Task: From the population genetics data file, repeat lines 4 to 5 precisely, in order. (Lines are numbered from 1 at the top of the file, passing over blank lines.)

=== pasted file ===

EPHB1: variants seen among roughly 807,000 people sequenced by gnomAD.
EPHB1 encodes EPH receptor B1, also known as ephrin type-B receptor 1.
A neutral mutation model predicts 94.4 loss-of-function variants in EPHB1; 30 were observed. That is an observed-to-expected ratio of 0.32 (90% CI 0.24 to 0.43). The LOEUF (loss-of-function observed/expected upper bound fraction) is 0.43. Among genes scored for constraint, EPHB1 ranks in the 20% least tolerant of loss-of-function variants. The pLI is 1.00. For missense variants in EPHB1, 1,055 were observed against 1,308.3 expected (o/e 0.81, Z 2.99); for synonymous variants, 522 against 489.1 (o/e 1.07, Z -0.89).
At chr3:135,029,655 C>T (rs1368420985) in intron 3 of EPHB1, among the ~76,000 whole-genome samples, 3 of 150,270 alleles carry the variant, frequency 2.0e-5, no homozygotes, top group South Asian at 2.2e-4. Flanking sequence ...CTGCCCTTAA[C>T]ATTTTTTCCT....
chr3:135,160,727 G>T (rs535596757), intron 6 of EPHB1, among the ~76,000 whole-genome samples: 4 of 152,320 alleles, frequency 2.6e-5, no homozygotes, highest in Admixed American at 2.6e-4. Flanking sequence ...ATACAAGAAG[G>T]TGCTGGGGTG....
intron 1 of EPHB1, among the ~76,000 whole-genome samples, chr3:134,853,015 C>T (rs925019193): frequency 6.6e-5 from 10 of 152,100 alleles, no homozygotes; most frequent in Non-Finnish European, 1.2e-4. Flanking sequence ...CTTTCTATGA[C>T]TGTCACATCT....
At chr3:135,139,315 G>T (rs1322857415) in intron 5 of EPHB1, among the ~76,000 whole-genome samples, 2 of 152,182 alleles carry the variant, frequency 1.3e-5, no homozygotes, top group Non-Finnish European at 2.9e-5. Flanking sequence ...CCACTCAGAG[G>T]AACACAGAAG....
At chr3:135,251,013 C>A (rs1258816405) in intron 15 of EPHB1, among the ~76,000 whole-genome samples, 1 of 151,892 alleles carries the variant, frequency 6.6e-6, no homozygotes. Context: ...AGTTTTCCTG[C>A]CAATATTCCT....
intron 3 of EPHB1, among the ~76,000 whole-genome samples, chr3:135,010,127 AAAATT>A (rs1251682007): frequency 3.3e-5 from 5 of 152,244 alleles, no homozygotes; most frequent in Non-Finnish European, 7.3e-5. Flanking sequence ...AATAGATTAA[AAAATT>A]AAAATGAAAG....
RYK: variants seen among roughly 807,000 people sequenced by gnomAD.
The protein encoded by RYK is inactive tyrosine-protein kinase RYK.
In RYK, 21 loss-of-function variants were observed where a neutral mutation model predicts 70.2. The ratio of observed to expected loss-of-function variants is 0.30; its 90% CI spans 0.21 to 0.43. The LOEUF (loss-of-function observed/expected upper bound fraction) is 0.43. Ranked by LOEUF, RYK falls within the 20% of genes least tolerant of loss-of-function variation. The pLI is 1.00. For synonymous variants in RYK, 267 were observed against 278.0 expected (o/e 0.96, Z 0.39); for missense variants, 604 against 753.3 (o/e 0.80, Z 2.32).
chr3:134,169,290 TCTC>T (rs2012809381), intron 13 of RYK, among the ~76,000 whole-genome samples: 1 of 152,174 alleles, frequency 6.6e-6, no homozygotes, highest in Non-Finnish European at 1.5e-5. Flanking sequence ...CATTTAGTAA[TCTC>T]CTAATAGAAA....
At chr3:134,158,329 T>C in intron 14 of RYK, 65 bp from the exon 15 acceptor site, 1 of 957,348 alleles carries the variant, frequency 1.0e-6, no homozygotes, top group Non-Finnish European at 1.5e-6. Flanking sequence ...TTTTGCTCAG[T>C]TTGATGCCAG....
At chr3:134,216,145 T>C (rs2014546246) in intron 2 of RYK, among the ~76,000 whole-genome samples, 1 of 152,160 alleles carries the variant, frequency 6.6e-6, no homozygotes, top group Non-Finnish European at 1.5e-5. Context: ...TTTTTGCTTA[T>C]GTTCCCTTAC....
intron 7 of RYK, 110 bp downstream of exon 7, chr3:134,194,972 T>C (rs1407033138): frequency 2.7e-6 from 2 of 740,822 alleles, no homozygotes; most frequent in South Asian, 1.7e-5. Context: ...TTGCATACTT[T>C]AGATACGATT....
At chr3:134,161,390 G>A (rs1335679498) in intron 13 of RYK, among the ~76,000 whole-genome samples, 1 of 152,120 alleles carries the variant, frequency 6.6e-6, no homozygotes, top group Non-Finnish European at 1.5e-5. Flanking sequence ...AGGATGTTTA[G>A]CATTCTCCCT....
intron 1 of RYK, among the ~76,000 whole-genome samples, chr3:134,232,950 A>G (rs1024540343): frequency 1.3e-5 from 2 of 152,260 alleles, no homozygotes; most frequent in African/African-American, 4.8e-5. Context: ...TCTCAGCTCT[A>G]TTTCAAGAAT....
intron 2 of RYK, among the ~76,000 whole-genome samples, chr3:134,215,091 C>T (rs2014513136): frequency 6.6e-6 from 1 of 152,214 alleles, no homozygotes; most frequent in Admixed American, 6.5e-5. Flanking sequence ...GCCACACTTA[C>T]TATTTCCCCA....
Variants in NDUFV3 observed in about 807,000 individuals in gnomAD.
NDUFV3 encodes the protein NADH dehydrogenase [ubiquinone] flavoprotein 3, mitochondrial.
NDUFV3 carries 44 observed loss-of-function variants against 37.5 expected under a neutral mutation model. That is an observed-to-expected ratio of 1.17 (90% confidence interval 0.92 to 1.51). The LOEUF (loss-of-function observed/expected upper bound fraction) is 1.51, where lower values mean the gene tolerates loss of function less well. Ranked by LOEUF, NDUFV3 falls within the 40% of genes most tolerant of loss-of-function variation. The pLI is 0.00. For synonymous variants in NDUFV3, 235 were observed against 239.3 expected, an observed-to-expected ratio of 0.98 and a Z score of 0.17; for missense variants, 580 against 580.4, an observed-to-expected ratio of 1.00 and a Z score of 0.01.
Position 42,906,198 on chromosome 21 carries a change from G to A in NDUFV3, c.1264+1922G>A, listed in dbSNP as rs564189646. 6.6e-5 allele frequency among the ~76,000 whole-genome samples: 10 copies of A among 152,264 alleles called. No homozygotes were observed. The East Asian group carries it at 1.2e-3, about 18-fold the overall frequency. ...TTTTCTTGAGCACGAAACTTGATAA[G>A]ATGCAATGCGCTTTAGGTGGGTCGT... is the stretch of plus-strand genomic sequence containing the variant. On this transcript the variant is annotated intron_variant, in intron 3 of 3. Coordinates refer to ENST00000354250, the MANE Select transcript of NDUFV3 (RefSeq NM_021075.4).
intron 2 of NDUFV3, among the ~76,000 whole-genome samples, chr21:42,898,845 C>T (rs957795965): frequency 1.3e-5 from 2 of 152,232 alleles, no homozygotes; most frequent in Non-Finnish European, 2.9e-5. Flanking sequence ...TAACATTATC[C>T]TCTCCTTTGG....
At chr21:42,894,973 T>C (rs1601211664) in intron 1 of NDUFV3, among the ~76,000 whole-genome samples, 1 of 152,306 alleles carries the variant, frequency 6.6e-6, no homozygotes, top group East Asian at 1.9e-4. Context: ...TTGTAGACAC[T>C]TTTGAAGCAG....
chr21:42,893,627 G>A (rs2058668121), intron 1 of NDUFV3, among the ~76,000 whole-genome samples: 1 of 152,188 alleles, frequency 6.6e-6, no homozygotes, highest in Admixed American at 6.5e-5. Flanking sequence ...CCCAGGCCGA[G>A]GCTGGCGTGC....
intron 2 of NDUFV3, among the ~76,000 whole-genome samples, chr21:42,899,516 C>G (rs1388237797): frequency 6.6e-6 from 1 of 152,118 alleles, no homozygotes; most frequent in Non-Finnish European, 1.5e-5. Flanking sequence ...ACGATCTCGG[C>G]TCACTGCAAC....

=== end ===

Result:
At chr3:135,029,655 C>T (rs1368420985) in intron 3 of EPHB1, among the ~76,000 whole-genome samples, 3 of 150,270 alleles carry the variant, frequency 2.0e-5, no homozygotes, top group South Asian at 2.2e-4. Flanking sequence ...CTGCCCTTAA[C>T]ATTTTTTCCT....
chr3:135,160,727 G>T (rs535596757), intron 6 of EPHB1, among the ~76,000 whole-genome samples: 4 of 152,320 alleles, frequency 2.6e-5, no homozygotes, highest in Admixed American at 2.6e-4. Flanking sequence ...ATACAAGAAG[G>T]TGCTGGGGTG....